Rosenberg seems to have a point.

Rosenberg takes yet another step and raises the issue of unethical behavior.

"Several powerful military psychiatrists and administrators are also consultants to Big Pharma who shamelessly enroll veterans in drug studies and promote the pills that drug companies pay them to promote. Who can say conflict of interest?"

If this statement strikes the reader as a bizarre dip into a conspiracy theory, the reader should remember that conspiracy theories are popular because, occasionally, conspiracies actually exist.

Let us turn now for some insight to Ben Goldacre and his book: Bad Pharma: How Drug Companies Mislead Doctors and Harm Patients.

"....we will see that pharmaceutical companies spend tens of billions of pounds every year trying to change the treatment decisions of doctors: in fact, they spend twice as much on marketing and advertising as they do on the research and development of new drugs. Since we all want doctors to prescribe medicine based on evidence, and evidence is universal, there is only one possible reason for such huge spends: to distort evidence-based practice....Doctors spend forty years practising medicine, with very little formal education after their initial training. Medicine changes completely in four decades, and as they try to keep up, doctors are bombarded with information: from ads that misrepresent the benefits and risks of new medicines; from sales reps who spy on patients’ confidential prescribing records; from colleagues who are quietly paid by drug companies; from ‘teaching’ that is sponsored by industry; from independent ‘academic’ journal articles that are quietly written by drug company employees; and worse."

Drug companies do wondrous things at times, but in the field of interest here, mental illness, there is little science to go on, and what exists is mostly created by the drug companies themselves. That is a situation reeking with potential ethical issues.

Saturday, April 6, 2013

Russia’s Demographics: Stress and Health

Russia’s demographic issues have been a subject of considerable discussion. It has a rapidly declining population characterized by low birthrates as well as low life expectancies. Tony Wood takes a fresh look at Russia and its population in an article titled Russia Vanishes that appeared in the London Review of Books. Low fertility and high emigration rates are relatively easy to explain. But how does one create poor health and premature deaths in a modern society? Wood’s musings on how that might occur prompt another attempted explanation: one based on more modern research into the role stress can play in determining health outcomes.

Wood provides interesting background material. He reminds us that about a century ago Russia was expected to become a modern colossus.

"In 1929 Warren Thompson, one of the founders of demographic transition theory, predicted that ‘the growth of Russia during the next three or four decades will be one of the outstanding events of the modern world,’ and that "Russia may very well rival China and India in numbers by the year 2000’."

What is Russia’s population outlook in the twenty-first century?

"Since 1992, according to data from Rosstat, the state statistical agency, deaths have exceeded births by a cumulative total of 13 million, a figure far exceeding the numbers of immigrants. Russia’s population declined by an estimated 6.4 million between 1991 and 2009, an annual average drop of 337,000."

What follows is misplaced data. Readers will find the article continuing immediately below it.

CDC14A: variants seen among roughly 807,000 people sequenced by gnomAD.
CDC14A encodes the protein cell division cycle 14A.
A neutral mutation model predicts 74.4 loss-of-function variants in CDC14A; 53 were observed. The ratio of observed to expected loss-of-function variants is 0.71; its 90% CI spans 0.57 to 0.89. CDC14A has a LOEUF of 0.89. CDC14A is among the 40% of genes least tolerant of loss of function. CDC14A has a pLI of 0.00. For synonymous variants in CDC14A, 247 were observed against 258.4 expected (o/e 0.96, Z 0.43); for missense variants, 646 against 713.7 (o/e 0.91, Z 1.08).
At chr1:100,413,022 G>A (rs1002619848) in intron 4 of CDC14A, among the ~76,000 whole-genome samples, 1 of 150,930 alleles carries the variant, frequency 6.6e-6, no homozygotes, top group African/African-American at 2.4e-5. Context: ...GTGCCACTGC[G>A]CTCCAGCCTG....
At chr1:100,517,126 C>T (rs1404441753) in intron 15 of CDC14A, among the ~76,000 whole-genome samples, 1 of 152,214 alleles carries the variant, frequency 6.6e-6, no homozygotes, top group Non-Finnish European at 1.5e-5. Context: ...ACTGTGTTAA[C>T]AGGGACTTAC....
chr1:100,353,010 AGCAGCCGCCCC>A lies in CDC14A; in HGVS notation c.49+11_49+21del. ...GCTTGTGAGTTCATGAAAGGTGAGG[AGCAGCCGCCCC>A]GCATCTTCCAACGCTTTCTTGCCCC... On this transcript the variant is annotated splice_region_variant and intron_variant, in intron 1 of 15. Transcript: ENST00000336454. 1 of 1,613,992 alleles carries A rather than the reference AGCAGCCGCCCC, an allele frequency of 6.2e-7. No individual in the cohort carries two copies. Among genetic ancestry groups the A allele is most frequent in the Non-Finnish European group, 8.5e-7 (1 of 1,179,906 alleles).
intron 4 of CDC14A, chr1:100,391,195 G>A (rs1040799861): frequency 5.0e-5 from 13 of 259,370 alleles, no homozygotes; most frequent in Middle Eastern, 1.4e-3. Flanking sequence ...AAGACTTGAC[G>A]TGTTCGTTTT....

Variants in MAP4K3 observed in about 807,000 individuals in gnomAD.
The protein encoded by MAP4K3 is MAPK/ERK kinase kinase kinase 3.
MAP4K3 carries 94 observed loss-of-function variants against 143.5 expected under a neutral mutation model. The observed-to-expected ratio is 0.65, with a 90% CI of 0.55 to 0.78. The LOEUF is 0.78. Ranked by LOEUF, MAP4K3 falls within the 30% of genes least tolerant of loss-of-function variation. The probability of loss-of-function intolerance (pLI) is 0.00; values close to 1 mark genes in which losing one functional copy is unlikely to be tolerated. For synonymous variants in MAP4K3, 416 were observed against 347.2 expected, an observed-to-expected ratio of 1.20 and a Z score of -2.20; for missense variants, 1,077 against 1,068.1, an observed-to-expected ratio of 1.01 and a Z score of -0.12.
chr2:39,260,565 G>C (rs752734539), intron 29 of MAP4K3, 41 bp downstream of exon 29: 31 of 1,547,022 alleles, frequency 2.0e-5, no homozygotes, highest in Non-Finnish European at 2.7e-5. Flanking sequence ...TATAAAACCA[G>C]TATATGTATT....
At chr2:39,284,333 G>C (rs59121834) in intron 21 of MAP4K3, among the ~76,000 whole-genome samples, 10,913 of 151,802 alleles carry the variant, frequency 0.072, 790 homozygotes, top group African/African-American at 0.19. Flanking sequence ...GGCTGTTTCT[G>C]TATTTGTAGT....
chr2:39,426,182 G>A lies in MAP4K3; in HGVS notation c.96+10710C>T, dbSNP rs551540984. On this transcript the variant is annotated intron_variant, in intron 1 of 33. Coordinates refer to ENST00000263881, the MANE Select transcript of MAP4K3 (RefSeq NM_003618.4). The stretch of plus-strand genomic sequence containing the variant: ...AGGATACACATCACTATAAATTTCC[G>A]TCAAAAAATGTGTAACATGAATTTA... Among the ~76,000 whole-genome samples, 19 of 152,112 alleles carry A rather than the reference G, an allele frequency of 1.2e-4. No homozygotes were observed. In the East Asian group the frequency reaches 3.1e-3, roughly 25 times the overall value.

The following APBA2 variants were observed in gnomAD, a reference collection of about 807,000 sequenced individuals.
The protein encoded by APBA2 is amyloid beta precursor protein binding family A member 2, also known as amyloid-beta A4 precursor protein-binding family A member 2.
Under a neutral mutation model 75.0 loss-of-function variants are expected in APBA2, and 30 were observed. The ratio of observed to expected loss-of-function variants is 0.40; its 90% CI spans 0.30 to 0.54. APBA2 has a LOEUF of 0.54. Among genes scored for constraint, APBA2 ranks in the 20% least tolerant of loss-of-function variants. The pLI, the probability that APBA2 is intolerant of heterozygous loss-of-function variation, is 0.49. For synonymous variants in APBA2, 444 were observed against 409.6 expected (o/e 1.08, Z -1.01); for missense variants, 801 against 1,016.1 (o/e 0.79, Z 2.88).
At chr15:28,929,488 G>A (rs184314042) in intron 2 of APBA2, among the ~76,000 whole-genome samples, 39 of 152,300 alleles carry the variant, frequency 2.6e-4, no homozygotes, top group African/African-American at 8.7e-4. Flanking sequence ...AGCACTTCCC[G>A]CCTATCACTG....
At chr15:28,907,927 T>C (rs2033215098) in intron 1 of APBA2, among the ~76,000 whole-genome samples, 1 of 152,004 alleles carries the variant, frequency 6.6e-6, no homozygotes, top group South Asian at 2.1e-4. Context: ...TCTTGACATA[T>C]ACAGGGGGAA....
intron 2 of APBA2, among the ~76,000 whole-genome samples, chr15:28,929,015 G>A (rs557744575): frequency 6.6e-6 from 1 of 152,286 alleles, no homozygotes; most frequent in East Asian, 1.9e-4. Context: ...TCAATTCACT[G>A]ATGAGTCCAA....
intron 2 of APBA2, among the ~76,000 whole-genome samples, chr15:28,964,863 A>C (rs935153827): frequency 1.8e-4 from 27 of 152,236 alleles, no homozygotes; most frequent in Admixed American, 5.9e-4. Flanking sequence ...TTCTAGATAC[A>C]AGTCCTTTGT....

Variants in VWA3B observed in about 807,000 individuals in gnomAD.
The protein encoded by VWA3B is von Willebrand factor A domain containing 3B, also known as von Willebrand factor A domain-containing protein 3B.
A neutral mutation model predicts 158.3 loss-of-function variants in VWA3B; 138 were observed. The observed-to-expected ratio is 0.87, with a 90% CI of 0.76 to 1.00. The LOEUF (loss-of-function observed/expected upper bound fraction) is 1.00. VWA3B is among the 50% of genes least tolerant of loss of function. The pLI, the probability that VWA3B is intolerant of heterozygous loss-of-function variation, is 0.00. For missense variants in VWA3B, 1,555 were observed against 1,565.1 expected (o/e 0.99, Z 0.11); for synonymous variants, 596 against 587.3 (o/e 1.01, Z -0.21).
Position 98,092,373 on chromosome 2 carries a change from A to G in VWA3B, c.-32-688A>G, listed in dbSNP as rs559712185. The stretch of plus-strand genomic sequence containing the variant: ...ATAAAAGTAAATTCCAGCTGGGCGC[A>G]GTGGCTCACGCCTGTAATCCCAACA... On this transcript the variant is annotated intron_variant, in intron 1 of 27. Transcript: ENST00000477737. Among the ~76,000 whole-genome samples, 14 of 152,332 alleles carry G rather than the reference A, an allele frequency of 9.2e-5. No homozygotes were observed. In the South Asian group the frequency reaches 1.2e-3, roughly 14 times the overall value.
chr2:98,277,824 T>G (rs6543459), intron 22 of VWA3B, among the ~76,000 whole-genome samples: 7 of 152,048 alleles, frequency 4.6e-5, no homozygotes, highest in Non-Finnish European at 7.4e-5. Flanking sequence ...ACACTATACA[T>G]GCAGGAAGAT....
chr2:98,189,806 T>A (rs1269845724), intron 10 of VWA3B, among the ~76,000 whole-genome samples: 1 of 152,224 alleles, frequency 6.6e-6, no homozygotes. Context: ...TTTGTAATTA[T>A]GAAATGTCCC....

"Russia is still the ninth most populous country in the world, with 142.9 million inhabitants at the time of the 2010 census. But its demographic contraction is set to continue relentlessly: the UN Population Division envisages a drop to 136 million by 2030, and to 126 million by 2050; by the start of the next century it could be as low as 111 million. This decline – equivalent, by 2100, to more than a fifth of the current population – will push Russia down the global demographic hierarchy: the fourth most populous state in the world in 1950, by 2050 it will have dropped to 18th place, overtaken by Pakistan, Ethiopia and Egypt."

What the early demographers missed was the role that history would play in tormenting the Russian people. An unending sequence of catastrophes descended upon Russia. It began with the First World War, the revolution and civil war that followed, the era of Stalinist repression, and peaked with the slaughter associated with the Nazi invasion.

"This sequence of catastrophes, then, killed somewhere between 50 and 65 million Soviet citizens. The demographic consequences reached backwards as well as forwards in time: mass fatalities effectively cancelled out many of the childbearing efforts of previous generations, while the extermination of so many people obviously had an immediate impact on fertility levels. The Second World War killed 40 per cent of men between the ages of 20 and 49, and 15 per cent of women in the same bracket, removing at a stroke a large part of the child-producing population."

The postwar years have not been particularly easy either, with significant levels of political and economic turmoil. This history leads to easy explanations for why birthrates might fall and emigration might rise. But what is the mechanism that would cause people to die at a younger age?

Wood provides necessary background on the health of the Russian population.

"....from the mid-1960s Russian life expectancy entered a period of decline that lasted until the early 1980s – by a grim historical irony, a time when the country was being ruled by an increasingly gerontocratic Politburo."